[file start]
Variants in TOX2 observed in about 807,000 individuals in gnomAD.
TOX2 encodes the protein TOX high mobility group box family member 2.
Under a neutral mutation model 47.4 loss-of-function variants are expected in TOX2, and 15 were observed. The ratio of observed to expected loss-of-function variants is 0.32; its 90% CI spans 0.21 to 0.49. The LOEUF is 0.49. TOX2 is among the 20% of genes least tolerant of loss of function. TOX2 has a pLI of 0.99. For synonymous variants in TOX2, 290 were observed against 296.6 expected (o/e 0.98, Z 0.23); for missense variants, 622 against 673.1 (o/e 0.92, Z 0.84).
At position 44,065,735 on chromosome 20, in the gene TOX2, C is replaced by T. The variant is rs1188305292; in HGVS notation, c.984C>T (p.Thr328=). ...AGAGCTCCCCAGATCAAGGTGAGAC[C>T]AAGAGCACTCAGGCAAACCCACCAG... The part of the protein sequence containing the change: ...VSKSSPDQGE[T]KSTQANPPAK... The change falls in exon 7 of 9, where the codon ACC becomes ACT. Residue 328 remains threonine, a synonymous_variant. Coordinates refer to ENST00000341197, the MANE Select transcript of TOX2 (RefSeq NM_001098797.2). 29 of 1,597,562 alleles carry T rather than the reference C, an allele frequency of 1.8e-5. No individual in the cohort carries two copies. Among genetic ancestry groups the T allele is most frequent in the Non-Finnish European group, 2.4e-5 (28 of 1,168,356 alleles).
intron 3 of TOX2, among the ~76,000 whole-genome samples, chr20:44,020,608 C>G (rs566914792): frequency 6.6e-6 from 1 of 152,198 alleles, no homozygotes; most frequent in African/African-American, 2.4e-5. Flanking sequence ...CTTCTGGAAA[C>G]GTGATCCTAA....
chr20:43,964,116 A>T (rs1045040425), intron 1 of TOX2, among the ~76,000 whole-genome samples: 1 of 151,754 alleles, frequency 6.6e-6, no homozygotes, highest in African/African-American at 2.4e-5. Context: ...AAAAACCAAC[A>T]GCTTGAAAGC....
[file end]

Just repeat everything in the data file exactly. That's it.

Variants in TOX2 observed in about 807,000 individuals in gnomAD.
TOX2 encodes the protein TOX high mobility group box family member 2.
Under a neutral mutation model 47.4 loss-of-function variants are expected in TOX2, and 15 were observed. The ratio of observed to expected loss-of-function variants is 0.32; its 90% CI spans 0.21 to 0.49. The LOEUF is 0.49. TOX2 is among the 20% of genes least tolerant of loss of function. TOX2 has a pLI of 0.99. For synonymous variants in TOX2, 290 were observed against 296.6 expected (o/e 0.98, Z 0.23); for missense variants, 622 against 673.1 (o/e 0.92, Z 0.84).
At position 44,065,735 on chromosome 20, in the gene TOX2, C is replaced by T. The variant is rs1188305292; in HGVS notation, c.984C>T (p.Thr328=). ...AGAGCTCCCCAGATCAAGGTGAGAC[C>T]AAGAGCACTCAGGCAAACCCACCAG... The part of the protein sequence containing the change: ...VSKSSPDQGE[T]KSTQANPPAK... The change falls in exon 7 of 9, where the codon ACC becomes ACT. Residue 328 remains threonine, a synonymous_variant. Coordinates refer to ENST00000341197, the MANE Select transcript of TOX2 (RefSeq NM_001098797.2). 29 of 1,597,562 alleles carry T rather than the reference C, an allele frequency of 1.8e-5. No individual in the cohort carries two copies. Among genetic ancestry groups the T allele is most frequent in the Non-Finnish European group, 2.4e-5 (28 of 1,168,356 alleles).
intron 3 of TOX2, among the ~76,000 whole-genome samples, chr20:44,020,608 C>G (rs566914792): frequency 6.6e-6 from 1 of 152,198 alleles, no homozygotes; most frequent in African/African-American, 2.4e-5. Flanking sequence ...CTTCTGGAAA[C>G]GTGATCCTAA....
chr20:43,964,116 A>T (rs1045040425), intron 1 of TOX2, among the ~76,000 whole-genome samples: 1 of 151,754 alleles, frequency 6.6e-6, no homozygotes, highest in African/African-American at 2.4e-5. Context: ...AAAAACCAAC[A>T]GCTTGAAAGC....